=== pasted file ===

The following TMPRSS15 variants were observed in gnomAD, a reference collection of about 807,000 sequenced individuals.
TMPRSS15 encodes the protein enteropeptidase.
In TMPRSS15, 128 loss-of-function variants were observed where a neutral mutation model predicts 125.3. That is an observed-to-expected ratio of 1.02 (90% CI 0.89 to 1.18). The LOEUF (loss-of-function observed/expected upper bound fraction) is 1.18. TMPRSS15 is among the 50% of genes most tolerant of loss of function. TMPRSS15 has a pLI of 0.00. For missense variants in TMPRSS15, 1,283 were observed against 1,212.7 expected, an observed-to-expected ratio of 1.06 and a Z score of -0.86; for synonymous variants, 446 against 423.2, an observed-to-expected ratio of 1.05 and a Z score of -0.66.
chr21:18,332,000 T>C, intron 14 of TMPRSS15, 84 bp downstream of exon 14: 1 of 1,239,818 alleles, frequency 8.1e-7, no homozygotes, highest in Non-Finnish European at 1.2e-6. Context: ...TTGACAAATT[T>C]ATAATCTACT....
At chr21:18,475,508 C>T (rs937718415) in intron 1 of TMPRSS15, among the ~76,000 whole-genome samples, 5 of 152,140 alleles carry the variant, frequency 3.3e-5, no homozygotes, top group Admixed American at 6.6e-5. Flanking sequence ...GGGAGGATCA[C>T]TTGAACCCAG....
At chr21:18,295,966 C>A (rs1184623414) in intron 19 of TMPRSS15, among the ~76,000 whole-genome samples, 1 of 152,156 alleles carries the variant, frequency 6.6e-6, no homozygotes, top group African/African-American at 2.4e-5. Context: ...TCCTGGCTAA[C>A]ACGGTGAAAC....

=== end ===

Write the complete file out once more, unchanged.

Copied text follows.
The following TMPRSS15 variants were observed in gnomAD, a reference collection of about 807,000 sequenced individuals.
TMPRSS15 encodes the protein enteropeptidase.
In TMPRSS15, 128 loss-of-function variants were observed where a neutral mutation model predicts 125.3. That is an observed-to-expected ratio of 1.02 (90% CI 0.89 to 1.18). The LOEUF (loss-of-function observed/expected upper bound fraction) is 1.18. TMPRSS15 is among the 50% of genes most tolerant of loss of function. TMPRSS15 has a pLI of 0.00. For missense variants in TMPRSS15, 1,283 were observed against 1,212.7 expected, an observed-to-expected ratio of 1.06 and a Z score of -0.86; for synonymous variants, 446 against 423.2, an observed-to-expected ratio of 1.05 and a Z score of -0.66.
chr21:18,332,000 T>C, intron 14 of TMPRSS15, 84 bp downstream of exon 14: 1 of 1,239,818 alleles, frequency 8.1e-7, no homozygotes, highest in Non-Finnish European at 1.2e-6. Context: ...TTGACAAATT[T>C]ATAATCTACT....
At chr21:18,475,508 C>T (rs937718415) in intron 1 of TMPRSS15, among the ~76,000 whole-genome samples, 5 of 152,140 alleles carry the variant, frequency 3.3e-5, no homozygotes, top group Admixed American at 6.6e-5. Flanking sequence ...GGGAGGATCA[C>T]TTGAACCCAG....
At chr21:18,295,966 C>A (rs1184623414) in intron 19 of TMPRSS15, among the ~76,000 whole-genome samples, 1 of 152,156 alleles carries the variant, frequency 6.6e-6, no homozygotes, top group African/African-American at 2.4e-5. Context: ...TCCTGGCTAA[C>A]ACGGTGAAAC....